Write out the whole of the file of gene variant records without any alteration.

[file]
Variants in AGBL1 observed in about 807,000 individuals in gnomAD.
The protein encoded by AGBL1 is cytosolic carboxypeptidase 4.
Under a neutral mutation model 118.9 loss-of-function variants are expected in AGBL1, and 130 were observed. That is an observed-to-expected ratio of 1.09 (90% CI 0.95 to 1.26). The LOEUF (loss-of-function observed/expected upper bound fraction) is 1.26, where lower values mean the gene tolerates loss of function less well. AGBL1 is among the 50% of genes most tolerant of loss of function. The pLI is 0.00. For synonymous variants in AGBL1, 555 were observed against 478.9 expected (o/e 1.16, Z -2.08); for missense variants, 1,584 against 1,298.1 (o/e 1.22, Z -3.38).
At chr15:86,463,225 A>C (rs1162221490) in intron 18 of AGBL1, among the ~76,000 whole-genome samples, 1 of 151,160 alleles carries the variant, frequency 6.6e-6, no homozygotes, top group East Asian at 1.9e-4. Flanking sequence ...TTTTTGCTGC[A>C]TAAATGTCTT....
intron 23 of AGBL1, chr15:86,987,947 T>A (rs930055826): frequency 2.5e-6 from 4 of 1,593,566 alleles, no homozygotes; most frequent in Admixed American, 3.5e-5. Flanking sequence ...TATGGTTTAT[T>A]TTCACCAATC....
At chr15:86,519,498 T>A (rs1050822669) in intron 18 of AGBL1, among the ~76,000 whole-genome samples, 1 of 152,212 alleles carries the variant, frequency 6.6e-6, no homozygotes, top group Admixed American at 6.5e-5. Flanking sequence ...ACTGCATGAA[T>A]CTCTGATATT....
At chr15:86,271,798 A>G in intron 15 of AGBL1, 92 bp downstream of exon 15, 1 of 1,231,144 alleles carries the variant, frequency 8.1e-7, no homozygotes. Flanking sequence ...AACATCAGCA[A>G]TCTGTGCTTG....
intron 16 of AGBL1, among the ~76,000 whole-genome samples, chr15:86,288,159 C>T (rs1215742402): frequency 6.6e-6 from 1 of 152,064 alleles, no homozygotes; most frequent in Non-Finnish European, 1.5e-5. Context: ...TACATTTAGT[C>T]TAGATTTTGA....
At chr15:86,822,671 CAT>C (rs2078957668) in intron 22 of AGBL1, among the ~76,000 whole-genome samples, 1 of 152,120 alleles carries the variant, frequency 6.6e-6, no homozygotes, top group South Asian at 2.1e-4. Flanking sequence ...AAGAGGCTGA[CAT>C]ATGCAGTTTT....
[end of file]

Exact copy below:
Variants in AGBL1 observed in about 807,000 individuals in gnomAD.
The protein encoded by AGBL1 is cytosolic carboxypeptidase 4.
Under a neutral mutation model 118.9 loss-of-function variants are expected in AGBL1, and 130 were observed. That is an observed-to-expected ratio of 1.09 (90% CI 0.95 to 1.26). The LOEUF (loss-of-function observed/expected upper bound fraction) is 1.26, where lower values mean the gene tolerates loss of function less well. AGBL1 is among the 50% of genes most tolerant of loss of function. The pLI is 0.00. For synonymous variants in AGBL1, 555 were observed against 478.9 expected (o/e 1.16, Z -2.08); for missense variants, 1,584 against 1,298.1 (o/e 1.22, Z -3.38).
At chr15:86,463,225 A>C (rs1162221490) in intron 18 of AGBL1, among the ~76,000 whole-genome samples, 1 of 151,160 alleles carries the variant, frequency 6.6e-6, no homozygotes, top group East Asian at 1.9e-4. Flanking sequence ...TTTTTGCTGC[A>C]TAAATGTCTT....
intron 23 of AGBL1, chr15:86,987,947 T>A (rs930055826): frequency 2.5e-6 from 4 of 1,593,566 alleles, no homozygotes; most frequent in Admixed American, 3.5e-5. Flanking sequence ...TATGGTTTAT[T>A]TTCACCAATC....
At chr15:86,519,498 T>A (rs1050822669) in intron 18 of AGBL1, among the ~76,000 whole-genome samples, 1 of 152,212 alleles carries the variant, frequency 6.6e-6, no homozygotes, top group Admixed American at 6.5e-5. Flanking sequence ...ACTGCATGAA[T>A]CTCTGATATT....
At chr15:86,271,798 A>G in intron 15 of AGBL1, 92 bp downstream of exon 15, 1 of 1,231,144 alleles carries the variant, frequency 8.1e-7, no homozygotes. Flanking sequence ...AACATCAGCA[A>G]TCTGTGCTTG....
intron 16 of AGBL1, among the ~76,000 whole-genome samples, chr15:86,288,159 C>T (rs1215742402): frequency 6.6e-6 from 1 of 152,064 alleles, no homozygotes; most frequent in Non-Finnish European, 1.5e-5. Context: ...TACATTTAGT[C>T]TAGATTTTGA....
At chr15:86,822,671 CAT>C (rs2078957668) in intron 22 of AGBL1, among the ~76,000 whole-genome samples, 1 of 152,120 alleles carries the variant, frequency 6.6e-6, no homozygotes, top group South Asian at 2.1e-4. Flanking sequence ...AAGAGGCTGA[CAT>C]ATGCAGTTTT....